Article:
A recent report from the Congress Online Project suggests that our congressional representatives are receiving so much e-mail — 80 million messages last year alone — that they're doing what most people in their position would do: ignoring it.

What's an activist to do? If you need to communicate with Congress, says NetAction, a San Francisco-based nonprofit dedicated to promoting use of the Internet for grassroots citizen action, it's much more effective to do so by phone, fax, or letter. But if e-mail is part of your communication strategy, there are some things you can do to increase its effectiveness:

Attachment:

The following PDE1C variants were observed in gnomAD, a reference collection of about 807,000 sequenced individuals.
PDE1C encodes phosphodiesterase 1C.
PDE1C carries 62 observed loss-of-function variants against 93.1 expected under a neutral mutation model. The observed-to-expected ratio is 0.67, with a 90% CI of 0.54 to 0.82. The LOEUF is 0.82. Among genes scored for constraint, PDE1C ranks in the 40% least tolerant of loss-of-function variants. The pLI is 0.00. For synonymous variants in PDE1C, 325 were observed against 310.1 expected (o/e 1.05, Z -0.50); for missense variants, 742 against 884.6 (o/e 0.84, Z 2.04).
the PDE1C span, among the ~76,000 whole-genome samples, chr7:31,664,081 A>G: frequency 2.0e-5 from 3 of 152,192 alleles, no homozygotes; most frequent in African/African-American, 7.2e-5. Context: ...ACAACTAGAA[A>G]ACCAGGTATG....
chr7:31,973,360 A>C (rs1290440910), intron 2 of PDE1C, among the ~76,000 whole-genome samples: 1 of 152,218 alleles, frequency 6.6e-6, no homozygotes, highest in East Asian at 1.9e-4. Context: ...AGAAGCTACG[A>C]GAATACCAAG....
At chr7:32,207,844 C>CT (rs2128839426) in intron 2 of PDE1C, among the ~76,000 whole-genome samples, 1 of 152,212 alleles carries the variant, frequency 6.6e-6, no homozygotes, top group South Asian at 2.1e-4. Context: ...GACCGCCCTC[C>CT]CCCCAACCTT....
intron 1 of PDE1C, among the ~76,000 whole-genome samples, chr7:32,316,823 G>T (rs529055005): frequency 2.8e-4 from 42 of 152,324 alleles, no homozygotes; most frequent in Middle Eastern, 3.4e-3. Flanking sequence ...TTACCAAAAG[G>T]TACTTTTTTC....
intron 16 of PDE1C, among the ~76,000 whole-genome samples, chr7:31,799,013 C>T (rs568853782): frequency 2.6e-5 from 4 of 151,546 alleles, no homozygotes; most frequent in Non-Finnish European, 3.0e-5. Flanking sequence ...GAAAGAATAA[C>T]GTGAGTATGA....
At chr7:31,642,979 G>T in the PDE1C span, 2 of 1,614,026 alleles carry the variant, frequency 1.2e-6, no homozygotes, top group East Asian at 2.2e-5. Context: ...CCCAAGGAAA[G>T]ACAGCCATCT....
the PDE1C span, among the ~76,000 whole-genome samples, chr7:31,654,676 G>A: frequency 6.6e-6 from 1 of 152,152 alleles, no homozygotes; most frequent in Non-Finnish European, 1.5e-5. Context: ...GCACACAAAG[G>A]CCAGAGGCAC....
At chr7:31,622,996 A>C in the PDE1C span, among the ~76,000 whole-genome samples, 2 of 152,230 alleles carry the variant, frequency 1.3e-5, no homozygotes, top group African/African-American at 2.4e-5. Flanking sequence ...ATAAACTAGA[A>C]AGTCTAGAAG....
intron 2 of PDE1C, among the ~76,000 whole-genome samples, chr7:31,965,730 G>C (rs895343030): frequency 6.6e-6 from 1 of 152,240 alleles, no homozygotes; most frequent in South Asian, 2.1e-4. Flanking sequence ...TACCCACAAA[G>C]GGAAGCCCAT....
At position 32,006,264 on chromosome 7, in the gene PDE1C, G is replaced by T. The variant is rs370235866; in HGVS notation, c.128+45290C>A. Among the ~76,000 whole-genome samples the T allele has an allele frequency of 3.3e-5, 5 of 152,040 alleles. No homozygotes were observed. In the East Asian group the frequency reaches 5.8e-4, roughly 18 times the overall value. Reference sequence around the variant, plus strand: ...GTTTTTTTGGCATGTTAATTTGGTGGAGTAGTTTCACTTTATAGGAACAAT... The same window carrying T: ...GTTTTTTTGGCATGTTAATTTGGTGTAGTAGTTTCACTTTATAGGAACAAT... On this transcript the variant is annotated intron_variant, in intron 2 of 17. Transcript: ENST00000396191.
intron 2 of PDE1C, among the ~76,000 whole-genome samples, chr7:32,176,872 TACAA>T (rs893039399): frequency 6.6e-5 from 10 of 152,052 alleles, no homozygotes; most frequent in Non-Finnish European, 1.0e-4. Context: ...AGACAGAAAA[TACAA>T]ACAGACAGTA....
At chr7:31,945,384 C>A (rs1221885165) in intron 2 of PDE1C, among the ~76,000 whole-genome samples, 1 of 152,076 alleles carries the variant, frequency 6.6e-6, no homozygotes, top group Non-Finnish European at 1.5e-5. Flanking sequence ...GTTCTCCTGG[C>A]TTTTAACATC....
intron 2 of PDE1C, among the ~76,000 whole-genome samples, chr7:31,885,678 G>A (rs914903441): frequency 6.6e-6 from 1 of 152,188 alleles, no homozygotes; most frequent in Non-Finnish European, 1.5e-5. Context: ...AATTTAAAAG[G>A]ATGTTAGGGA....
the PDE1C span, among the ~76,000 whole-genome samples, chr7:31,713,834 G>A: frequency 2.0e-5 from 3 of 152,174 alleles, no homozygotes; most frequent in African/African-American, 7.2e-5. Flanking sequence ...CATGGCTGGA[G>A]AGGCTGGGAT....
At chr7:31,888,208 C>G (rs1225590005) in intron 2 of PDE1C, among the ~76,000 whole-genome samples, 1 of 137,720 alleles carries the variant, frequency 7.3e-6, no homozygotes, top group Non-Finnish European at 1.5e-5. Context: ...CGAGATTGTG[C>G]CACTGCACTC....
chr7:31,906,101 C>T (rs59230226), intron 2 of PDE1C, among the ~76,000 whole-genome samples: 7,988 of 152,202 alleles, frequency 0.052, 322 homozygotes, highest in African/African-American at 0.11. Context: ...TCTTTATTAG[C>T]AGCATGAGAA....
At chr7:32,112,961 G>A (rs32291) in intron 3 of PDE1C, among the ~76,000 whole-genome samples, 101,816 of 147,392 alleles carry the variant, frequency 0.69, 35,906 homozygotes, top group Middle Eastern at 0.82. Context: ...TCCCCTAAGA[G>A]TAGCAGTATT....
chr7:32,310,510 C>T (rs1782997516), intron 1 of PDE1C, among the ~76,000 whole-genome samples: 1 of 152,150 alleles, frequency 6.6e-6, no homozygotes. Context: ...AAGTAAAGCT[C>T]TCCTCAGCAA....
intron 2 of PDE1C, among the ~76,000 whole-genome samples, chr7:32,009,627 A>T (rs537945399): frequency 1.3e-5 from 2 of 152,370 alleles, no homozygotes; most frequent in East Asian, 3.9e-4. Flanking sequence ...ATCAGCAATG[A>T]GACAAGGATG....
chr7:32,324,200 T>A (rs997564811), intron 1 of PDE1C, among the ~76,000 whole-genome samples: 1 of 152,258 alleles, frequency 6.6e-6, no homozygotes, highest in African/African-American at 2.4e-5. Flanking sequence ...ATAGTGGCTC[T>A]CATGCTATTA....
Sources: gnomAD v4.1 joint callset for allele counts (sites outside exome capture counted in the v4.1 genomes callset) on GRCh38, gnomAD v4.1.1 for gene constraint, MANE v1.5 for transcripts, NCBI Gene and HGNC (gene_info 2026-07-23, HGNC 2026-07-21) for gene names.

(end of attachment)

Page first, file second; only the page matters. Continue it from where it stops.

• only communicate with senators from your state and representatives from your district;
  • include your home or business address in your message, to make it clear you are a constituent;
  • be brief;
  • identify the subject of your message in the "subject" line;
  • ask your members to "CC" you when they send messages, print the copies, and use them to document the communication.

You can find more tips on e-mail and Internet activism — and subscribe to NetAction Notes, the organization's monthly electronic newsletter — at the NetAction Web site.